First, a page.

When officials closed down the parks and YMCAs near his home in Rochelle Park, New Jersey, high school basketball star Ryan Ang, 16, knew kids would have no place to play. So Ang, who runs a basketball-coaching business after school, began streaming his sessions free of charge from his living room on Facebook and Instagram. "It's so rewarding," says Ang, who has 75 trainees, "to see athletes being active and not just sitting at home all day doing nothing."
Whiskey distillers across the U.S. have switched from making booze to hand sanitizer by mixing ethanol - the main ingredient in most sanitizers and a by-product of the distillery process - with glycerin and hydrogen peroxide. Mad River Distillers of Warren, Vermont, recently delivered a batch to local grocery workers, a nursing home and the post office, then invited the public to come fill up their own empty bottles. Says founder John Egan: "The important thing here is that everybody's pulling together."
Though her Clara Lionel Foundation, the singer gave $5 million to nonprofits helping in the crisis.
Jayden Perez of Woodland Park, New Jersey, used his own money and his mom's credit card to buy sanitizer in bulk and share it with local police and firefighters. "It makes my heart warm so much," says Perez (with sanitizers he's sent through New Jersey). "I'm super-thankful to donate- it makes me smile."
Blake Lively & Ryan Reynolds
John Legend & Other Entertainers
The musicians are stuck at home, the fans are stuck at home, and "we want to connect somehow," says John Legend, who performed March 17 from his Los Angeles home as part of the #TogetheratHome concert series, a partnership with the nonprofit Global Citizen that aims to fight poverty worldwide. Coldplay's Chris Martin played his own "mini-gig" on March 16 and took fan questions - but Legend's notoriously social-media-savvy spouse, Chrissy Teigen, took fan input a step further, letting fans choose what she wore for the show. (They chose a towel.) "We have to think of ourselves not just as individuals right now," says Legend. "We have to think about how our actions affect the whole society we live in and help each other."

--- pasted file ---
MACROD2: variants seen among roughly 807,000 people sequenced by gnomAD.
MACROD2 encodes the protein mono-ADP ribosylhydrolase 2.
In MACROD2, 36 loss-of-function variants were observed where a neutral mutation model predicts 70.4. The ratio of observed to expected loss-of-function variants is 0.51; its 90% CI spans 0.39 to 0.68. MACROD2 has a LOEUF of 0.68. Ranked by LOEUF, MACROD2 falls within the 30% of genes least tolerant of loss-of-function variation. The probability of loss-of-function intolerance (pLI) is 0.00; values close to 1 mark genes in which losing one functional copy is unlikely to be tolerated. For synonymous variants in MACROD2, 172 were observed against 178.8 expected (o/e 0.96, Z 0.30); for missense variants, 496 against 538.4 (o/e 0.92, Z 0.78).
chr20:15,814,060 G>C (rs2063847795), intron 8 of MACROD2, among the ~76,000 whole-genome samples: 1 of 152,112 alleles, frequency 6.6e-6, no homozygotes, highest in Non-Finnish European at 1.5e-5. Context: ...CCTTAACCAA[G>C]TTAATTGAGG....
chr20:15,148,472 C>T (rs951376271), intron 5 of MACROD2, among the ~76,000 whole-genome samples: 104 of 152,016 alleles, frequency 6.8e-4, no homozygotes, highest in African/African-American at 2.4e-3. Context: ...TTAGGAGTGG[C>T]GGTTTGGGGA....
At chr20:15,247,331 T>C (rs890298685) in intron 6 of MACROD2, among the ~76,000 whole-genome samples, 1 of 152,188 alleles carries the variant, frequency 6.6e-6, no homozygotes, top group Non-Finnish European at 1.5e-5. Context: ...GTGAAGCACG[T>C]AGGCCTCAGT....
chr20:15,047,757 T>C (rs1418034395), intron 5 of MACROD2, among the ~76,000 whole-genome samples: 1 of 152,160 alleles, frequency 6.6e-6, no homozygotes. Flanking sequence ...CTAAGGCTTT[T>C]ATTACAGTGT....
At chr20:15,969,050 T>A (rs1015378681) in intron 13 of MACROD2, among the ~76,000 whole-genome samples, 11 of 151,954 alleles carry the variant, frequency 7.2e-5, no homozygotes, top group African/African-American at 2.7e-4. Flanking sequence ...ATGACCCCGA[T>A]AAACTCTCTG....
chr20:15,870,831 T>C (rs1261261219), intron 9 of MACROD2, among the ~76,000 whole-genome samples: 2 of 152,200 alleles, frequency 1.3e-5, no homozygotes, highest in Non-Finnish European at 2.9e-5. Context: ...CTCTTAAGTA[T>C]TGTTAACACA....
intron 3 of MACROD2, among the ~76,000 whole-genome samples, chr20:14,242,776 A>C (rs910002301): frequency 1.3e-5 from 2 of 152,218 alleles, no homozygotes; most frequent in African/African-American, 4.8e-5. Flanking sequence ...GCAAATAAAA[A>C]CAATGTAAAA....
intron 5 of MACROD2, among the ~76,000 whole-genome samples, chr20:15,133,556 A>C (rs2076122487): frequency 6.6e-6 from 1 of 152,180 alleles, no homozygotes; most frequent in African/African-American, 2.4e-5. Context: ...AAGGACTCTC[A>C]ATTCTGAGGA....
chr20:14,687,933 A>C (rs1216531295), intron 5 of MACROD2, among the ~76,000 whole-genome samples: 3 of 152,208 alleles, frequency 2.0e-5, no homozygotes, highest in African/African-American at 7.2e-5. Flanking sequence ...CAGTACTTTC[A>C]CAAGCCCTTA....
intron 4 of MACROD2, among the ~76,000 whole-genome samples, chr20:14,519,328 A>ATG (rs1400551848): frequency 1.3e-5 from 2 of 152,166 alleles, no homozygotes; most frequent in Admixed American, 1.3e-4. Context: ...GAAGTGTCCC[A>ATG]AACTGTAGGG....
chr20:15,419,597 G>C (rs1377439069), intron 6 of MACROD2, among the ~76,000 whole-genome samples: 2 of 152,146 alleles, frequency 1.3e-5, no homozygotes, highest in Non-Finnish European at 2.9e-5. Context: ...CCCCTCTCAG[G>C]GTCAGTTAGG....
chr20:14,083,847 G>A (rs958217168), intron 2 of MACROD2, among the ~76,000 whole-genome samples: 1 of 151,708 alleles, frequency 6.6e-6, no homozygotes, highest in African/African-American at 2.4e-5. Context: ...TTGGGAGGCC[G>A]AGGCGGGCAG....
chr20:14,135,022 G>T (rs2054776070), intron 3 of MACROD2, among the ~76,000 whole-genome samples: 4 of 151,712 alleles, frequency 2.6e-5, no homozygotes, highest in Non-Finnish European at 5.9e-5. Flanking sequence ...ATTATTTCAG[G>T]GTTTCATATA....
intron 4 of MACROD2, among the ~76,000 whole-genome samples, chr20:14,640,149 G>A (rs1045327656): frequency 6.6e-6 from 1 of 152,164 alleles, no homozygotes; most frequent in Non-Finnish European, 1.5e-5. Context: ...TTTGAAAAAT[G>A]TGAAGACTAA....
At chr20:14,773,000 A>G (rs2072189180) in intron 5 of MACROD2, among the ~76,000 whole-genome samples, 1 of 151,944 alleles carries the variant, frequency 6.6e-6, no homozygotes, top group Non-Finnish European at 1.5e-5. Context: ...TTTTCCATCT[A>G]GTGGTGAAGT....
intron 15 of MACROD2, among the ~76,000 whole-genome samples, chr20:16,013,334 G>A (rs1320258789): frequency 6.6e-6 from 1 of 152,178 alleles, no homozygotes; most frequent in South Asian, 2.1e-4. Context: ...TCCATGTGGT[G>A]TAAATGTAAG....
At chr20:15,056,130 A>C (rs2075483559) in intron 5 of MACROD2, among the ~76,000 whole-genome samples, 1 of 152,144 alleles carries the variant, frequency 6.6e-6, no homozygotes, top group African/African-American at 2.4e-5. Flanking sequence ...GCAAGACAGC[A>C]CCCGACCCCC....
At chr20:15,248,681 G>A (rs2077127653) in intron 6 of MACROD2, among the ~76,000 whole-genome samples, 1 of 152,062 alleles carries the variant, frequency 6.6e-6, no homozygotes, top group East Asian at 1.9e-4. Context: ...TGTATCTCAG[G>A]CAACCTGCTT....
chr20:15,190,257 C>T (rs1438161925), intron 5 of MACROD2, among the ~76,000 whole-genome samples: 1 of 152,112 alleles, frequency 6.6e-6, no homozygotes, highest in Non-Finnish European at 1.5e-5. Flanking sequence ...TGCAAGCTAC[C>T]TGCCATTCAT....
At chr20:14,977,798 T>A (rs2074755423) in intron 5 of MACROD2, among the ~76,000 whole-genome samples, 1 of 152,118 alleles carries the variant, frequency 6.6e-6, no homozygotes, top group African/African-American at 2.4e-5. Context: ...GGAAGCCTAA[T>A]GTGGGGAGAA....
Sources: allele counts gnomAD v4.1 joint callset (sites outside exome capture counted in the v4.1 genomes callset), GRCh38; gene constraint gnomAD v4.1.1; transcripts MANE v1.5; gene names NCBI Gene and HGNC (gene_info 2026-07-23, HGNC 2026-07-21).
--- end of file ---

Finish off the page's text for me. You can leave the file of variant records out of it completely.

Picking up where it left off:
Katie Quinn & Her 'Helpers'
Scrolling through her Facebook feed, Cinnaminson, New Jersey, teacher Katie Quinn realized that many of her friends wanted to help their neighbors but had no idea how. So Quinn created a community Facebook group to organize donations, requests and volunteers (pictured). "The outpouring has been wild," says Quinn, who's now sharing the model with neighboring towns.
The singer vowed to keep paying the staff at his now-closed Redneck Riviera bar in Nashville "as long as the shutdown lasts. We aren't going to let people fend for themselves."
The Chino Hills High School Chamber Singers
Imee Perius wanted to spread a little cheer in her community after California's Chino Valley Unified School District - where she works as director of communications - decided to close schools on March 13. Inspired by videos she'd seen of quarantined Italians singing from their balconies, Perius enlisted 19 members of the Chino Hills High School chamber singers to sing "Over the Rainbow" a cappella from their homes, then posted it online on March 17. Much to her - and the students' - surprise, the recording quickly began racking up more than a million views. "We would have never guessed," said senior Katelyn Mendoza, "that recording a three-minute video in our own rooms could provide such a grand message of hope in these negative times."
The Cleveland Cavaliers player gave $100,000 through his namesake foundation to support arena staff after the NBA season was suspended.
Food Bank Volunteers
Around the country, soup kitchens and food banks continue to do what they can to help the most vulnerable as donations slow and volunteers face restrictions. Here, food bank volunteers in New York pack emergency boxes.
For more on those helping others - and how you can help, too - pick up the latest issue of PEOPLE, on newsstands Friday.